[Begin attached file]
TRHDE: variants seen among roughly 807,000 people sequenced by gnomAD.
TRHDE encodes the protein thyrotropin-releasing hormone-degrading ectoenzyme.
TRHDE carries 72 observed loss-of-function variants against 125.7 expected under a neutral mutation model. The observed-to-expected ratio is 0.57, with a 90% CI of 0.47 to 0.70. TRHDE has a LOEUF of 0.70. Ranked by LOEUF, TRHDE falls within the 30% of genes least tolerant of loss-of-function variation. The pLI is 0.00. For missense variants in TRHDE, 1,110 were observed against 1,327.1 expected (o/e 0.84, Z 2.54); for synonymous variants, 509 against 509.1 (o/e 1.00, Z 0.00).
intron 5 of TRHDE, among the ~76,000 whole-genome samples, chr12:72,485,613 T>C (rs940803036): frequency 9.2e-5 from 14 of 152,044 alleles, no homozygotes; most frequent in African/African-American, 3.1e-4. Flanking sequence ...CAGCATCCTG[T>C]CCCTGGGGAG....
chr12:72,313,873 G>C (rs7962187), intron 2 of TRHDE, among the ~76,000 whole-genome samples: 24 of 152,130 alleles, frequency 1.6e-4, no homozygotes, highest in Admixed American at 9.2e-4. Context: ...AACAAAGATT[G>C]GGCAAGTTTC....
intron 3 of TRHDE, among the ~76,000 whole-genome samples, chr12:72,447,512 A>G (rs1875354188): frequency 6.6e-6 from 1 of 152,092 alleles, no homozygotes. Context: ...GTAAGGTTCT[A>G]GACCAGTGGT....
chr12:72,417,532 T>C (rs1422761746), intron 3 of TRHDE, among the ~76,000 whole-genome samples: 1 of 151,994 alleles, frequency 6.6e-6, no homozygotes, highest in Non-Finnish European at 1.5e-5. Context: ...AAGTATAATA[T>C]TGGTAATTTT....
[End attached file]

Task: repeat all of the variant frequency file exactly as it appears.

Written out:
TRHDE: variants seen among roughly 807,000 people sequenced by gnomAD.
TRHDE encodes the protein thyrotropin-releasing hormone-degrading ectoenzyme.
TRHDE carries 72 observed loss-of-function variants against 125.7 expected under a neutral mutation model. The observed-to-expected ratio is 0.57, with a 90% CI of 0.47 to 0.70. TRHDE has a LOEUF of 0.70. Ranked by LOEUF, TRHDE falls within the 30% of genes least tolerant of loss-of-function variation. The pLI is 0.00. For missense variants in TRHDE, 1,110 were observed against 1,327.1 expected (o/e 0.84, Z 2.54); for synonymous variants, 509 against 509.1 (o/e 1.00, Z 0.00).
intron 5 of TRHDE, among the ~76,000 whole-genome samples, chr12:72,485,613 T>C (rs940803036): frequency 9.2e-5 from 14 of 152,044 alleles, no homozygotes; most frequent in African/African-American, 3.1e-4. Flanking sequence ...CAGCATCCTG[T>C]CCCTGGGGAG....
chr12:72,313,873 G>C (rs7962187), intron 2 of TRHDE, among the ~76,000 whole-genome samples: 24 of 152,130 alleles, frequency 1.6e-4, no homozygotes, highest in Admixed American at 9.2e-4. Context: ...AACAAAGATT[G>C]GGCAAGTTTC....
intron 3 of TRHDE, among the ~76,000 whole-genome samples, chr12:72,447,512 A>G (rs1875354188): frequency 6.6e-6 from 1 of 152,092 alleles, no homozygotes. Context: ...GTAAGGTTCT[A>G]GACCAGTGGT....
chr12:72,417,532 T>C (rs1422761746), intron 3 of TRHDE, among the ~76,000 whole-genome samples: 1 of 151,994 alleles, frequency 6.6e-6, no homozygotes, highest in Non-Finnish European at 1.5e-5. Context: ...AAGTATAATA[T>C]TGGTAATTTT....